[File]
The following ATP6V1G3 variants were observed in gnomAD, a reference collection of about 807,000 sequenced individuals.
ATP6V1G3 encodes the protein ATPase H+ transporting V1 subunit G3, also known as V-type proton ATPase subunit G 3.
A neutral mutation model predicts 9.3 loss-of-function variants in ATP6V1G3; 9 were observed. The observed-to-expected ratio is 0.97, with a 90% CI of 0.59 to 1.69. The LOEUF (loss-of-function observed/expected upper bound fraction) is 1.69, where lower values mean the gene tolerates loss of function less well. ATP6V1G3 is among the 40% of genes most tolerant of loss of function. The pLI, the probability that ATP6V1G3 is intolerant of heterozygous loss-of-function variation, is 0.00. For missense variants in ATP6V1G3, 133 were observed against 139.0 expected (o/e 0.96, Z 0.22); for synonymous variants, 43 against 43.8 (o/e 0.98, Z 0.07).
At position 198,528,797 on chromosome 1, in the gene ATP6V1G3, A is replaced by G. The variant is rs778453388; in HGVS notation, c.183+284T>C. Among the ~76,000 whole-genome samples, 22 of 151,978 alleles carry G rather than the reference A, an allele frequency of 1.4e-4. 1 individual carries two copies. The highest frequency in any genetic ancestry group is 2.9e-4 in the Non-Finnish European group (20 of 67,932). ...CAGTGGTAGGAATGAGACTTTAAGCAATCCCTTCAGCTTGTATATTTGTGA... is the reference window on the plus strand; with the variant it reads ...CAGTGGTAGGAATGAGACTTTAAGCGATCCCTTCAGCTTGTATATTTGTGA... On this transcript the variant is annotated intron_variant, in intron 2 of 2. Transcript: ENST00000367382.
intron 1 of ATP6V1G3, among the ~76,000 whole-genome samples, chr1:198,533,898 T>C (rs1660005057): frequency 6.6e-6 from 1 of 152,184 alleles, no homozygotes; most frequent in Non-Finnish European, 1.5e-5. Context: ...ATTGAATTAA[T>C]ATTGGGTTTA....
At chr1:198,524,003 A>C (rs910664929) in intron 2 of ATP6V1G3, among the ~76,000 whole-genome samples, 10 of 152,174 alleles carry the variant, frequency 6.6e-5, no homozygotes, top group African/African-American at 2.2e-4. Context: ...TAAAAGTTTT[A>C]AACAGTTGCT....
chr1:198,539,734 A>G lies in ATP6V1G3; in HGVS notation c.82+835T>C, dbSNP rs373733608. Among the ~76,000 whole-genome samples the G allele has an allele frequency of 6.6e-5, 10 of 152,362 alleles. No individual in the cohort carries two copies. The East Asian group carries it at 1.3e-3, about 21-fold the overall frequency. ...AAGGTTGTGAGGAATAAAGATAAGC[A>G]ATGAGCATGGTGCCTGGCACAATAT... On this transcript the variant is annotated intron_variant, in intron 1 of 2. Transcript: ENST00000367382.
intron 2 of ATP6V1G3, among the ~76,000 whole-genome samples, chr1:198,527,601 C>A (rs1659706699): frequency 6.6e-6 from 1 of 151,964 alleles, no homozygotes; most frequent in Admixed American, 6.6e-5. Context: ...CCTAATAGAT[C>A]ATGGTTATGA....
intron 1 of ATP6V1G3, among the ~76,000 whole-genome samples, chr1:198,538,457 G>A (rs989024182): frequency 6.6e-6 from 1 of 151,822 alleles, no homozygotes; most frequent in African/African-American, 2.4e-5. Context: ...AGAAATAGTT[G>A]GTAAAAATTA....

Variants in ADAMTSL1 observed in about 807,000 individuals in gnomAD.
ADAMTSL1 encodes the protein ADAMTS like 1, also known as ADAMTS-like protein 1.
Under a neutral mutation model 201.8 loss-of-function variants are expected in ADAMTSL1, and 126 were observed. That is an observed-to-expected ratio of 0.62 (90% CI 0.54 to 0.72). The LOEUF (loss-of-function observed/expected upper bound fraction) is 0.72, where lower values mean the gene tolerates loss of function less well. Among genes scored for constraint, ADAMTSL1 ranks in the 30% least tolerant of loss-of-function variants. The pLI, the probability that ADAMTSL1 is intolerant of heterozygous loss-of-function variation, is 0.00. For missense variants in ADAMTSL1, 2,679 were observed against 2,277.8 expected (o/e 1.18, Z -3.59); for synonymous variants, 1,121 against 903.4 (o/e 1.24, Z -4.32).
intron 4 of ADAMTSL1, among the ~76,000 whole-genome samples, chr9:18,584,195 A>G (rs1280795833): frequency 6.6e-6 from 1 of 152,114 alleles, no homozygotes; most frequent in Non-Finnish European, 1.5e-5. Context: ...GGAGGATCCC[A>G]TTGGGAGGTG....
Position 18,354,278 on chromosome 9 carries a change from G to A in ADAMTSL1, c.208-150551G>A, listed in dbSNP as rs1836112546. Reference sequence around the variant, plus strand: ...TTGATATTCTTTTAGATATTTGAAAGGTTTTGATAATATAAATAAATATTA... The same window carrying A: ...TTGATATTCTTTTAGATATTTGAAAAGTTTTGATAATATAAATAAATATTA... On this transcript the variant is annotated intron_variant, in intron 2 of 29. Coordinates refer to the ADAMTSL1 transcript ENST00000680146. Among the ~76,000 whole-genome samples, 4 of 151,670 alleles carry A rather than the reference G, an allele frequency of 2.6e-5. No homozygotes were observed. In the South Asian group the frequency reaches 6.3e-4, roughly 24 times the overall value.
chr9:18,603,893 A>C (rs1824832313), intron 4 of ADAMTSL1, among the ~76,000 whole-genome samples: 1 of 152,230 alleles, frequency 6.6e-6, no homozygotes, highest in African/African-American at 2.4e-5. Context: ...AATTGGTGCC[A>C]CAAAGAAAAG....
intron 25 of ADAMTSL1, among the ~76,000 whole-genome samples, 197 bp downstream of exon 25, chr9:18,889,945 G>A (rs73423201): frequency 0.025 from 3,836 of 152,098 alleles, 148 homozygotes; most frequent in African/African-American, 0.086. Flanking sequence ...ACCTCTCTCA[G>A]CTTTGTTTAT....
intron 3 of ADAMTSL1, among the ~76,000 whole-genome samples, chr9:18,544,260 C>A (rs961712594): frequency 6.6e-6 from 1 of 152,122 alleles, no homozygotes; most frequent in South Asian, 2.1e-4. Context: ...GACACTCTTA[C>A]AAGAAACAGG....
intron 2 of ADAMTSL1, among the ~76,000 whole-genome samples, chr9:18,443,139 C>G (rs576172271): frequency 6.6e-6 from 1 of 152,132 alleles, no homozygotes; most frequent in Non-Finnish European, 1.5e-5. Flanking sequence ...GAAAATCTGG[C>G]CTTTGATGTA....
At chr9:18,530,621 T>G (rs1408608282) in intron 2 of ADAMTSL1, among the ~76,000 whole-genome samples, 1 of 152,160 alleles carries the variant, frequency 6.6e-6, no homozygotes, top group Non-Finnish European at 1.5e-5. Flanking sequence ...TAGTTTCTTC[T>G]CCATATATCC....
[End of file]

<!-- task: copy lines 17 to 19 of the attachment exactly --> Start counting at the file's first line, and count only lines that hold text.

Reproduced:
intron 3 of ADAMTSL1, among the ~76,000 whole-genome samples, chr9:18,544,260 C>A (rs961712594): frequency 6.6e-6 from 1 of 152,122 alleles, no homozygotes; most frequent in South Asian, 2.1e-4. Context: ...GACACTCTTA[C>A]AAGAAACAGG....
intron 2 of ADAMTSL1, among the ~76,000 whole-genome samples, chr9:18,443,139 C>G (rs576172271): frequency 6.6e-6 from 1 of 152,132 alleles, no homozygotes; most frequent in Non-Finnish European, 1.5e-5. Flanking sequence ...GAAAATCTGG[C>G]CTTTGATGTA....
At chr9:18,530,621 T>G (rs1408608282) in intron 2 of ADAMTSL1, among the ~76,000 whole-genome samples, 1 of 152,160 alleles carries the variant, frequency 6.6e-6, no homozygotes, top group Non-Finnish European at 1.5e-5. Flanking sequence ...TAGTTTCTTC[T>G]CCATATATCC....